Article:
Family Support Initiative*
Looking for ways to support DCF-involved families during the pandemic, a few churches established the North Shore Foster Care Network. It has grown to 30+ local churches who fulfill requests from DCF social workers on behalf of their families, including many intact families experiencing extreme hardship during school and business closures. This initiative has strengthened relationships with DCF as they are able to request groceries, clothing, and other basics, purchased and delivered by church members and funded through the Special Collections Fund. Additionally, this fund supported the purchase of backpacks for the congregation to fill with school supplies for older youth in foster care.
Open Door Immigration Services*
We sponsored approximately three citizenship applications including the application cost as well as staff support. ODIS is a Salem-based nonprofit established by our partner church Highrock North Shore that fills a significant service gap in providing citizenship classes and immigration services to help families navigate the complex and expensive process of immigration. Immigrants are one of the populations most deeply impacted by the health crisis and job losses, leaving many unable to even afford the application cost. Citizenship can open new doors for employment, civic engagement, and other supports, making a lasting impact on the lives and livelihoods of immigrants and their families.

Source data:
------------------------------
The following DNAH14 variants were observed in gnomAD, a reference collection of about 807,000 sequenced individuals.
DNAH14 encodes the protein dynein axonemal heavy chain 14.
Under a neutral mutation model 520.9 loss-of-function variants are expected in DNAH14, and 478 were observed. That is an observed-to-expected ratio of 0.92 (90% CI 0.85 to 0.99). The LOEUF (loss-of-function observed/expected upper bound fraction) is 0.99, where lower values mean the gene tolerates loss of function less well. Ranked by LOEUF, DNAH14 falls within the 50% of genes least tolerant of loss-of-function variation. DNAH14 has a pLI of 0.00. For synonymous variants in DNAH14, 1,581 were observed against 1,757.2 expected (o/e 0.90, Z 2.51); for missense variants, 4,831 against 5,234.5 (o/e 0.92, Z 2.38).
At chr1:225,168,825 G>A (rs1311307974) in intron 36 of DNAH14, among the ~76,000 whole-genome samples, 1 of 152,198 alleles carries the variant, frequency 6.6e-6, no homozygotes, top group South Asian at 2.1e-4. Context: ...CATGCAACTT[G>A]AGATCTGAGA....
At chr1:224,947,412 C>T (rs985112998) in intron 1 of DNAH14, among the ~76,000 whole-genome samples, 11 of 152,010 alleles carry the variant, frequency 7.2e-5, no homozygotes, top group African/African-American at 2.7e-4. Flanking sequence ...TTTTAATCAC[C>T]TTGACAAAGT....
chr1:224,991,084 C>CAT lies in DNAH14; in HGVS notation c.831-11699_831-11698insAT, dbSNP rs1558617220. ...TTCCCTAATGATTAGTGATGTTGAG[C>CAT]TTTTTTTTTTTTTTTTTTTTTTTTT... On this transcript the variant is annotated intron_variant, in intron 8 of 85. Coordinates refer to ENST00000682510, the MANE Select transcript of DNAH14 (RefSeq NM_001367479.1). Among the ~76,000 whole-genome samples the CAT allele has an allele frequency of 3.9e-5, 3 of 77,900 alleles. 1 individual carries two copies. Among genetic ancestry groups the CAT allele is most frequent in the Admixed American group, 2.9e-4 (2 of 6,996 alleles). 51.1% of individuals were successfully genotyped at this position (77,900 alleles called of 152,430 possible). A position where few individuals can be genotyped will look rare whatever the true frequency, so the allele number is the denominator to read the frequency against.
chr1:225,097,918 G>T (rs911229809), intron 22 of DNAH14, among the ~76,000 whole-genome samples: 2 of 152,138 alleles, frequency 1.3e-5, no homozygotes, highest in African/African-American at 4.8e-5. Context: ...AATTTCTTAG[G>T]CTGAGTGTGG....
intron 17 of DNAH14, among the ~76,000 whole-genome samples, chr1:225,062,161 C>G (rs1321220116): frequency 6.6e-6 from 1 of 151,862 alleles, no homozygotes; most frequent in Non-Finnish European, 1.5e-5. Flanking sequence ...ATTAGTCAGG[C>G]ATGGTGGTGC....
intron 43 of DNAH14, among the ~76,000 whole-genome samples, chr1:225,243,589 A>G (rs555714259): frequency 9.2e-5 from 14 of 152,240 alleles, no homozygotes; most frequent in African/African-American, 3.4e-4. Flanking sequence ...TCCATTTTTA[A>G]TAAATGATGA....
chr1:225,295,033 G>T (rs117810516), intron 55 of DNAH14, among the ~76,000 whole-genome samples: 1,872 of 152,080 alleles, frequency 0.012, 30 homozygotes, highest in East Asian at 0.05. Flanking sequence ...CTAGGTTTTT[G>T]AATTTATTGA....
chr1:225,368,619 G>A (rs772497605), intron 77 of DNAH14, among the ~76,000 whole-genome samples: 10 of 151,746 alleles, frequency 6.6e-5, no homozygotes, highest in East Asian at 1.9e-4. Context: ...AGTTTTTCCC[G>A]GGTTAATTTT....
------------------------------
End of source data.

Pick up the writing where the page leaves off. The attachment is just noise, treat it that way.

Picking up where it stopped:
Elevate New England*
Elevate New England is a nonprofit serving youth in Lowell and Lawrence public schools where they aim to build long-term relationships with some of the most vulnerable youth to develop character, social emotional skills, and college/career success. Elevate was able to stipend a 17- year old rising senior at the Lowell Career Academy to do an internship. They were also able to provide free 2-week summer camp experiences for 20 incoming freshman and grocery store gift cards to needy families.
The Institute for the Study of the Black Christian Experience at Gordon-Conwell Theological Seminary, specifically for their work to strengthen black churches
The black community has been disproportionately impacted by COVID-19 both in terms of virus transmission as well as job losses. The pandemic shone a light on these and other racial disparities. As much as ever, the black church is a pillar of strength and service to its community, representing a critical opportunity to direct support toward efforts that strengthen black churches in the Boston area. This gift to the ISBCE at GCTS is supporting initiatives such as The Boston Black Church Vitality Project.
Amirah is a nonprofit providing services to victims of human trafficking, including a safe-house located on the North Shore. Survivors of sex trafficking face many challenges, like PTSD, depression, anxiety, financial hardship and recovery from physical abuse. Amirah’s operations were impacted by the pandemic in ways similar to many nonprofits, including the temporary loss of volunteers whose efforts reduced the number of staff required to run programming. This gift has supported the organization’s operations as they continue to help survivors through the pandemic.
Written by Sarah Bartley